Dialysis Disequilibrium Syndrome
A 63 y/o M with known ESRD presents to your emergency department with a chief complaint of SOB. Patient is found to be clinically volume overloaded with a pulse ox of 89% and rales bilaterally. Laboratory results show hyperkalemia and uremia. The patient admits to missing his last four dialysis sessions. Nephrology was consulted and emergent dialysis was initiated in the ED with full resolution of respiratory distress. The patient is deemed appropriate for discharge by Nephrology. You are about to discharge the patient when the patient's nurse tells you the patient is now complaining of a headache, dizziness, and had one episode of vomiting. What is the diagnosis?
Nearly 800,000 patients in the United States had ESRD in 2016 with 87% of these individuals using hemodialysis for renal replacement therapy. Thus, it is vital that emergency medicine doctors have an understanding of complications associated with hemodialysis. Dialysis disequilibrium syndrome is just one of many complications.
Dialysis Disequilibrium Syndrome:
A condition of cerebral edema secondary to osmotic fluid shifts that occur with dialysis.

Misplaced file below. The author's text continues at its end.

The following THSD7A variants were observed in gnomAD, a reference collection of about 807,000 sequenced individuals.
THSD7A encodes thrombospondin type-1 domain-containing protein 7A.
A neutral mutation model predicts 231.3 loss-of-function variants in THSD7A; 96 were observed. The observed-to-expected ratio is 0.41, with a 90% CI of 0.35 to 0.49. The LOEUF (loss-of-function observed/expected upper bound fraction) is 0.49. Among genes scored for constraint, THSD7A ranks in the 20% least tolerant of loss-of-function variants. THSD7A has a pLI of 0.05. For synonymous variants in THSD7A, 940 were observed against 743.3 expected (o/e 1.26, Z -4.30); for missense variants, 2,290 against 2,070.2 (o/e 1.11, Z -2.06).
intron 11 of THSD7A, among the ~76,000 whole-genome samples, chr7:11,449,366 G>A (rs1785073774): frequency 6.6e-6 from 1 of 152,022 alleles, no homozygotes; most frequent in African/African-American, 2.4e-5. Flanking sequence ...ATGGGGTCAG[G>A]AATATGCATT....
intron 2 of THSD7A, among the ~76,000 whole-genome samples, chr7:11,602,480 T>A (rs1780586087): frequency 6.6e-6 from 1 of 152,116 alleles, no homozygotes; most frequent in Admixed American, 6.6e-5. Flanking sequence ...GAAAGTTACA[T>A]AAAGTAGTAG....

In the most simple terms, the pathophysiology involves removing urea from blood too fast. As a result, urea remains elevated in the intracellular space relative to the intravascular space. This results in an osmotic gradient that leads to water entering cells. The ultimate result is cerebral edema.
First time dialysis session
Preexisting cerebral edema
Prevention is key – gradual rather than dramatic removal of urea
Slow blood flow rate to decrease urea clearance
Discontinue treatment including CRRT if on continuous therapy
Airway management if needed
Hyperventilation if concern for herniation
Mannitol if concern for herniation
Reference: Mistry K. Dialysis disequilibrium syndrome prevention and management. Int J NephrolRenovasc Dis. 2019;12:69–77. Published 2019 Apr 30. doi:10.2147/IJNRD.S165925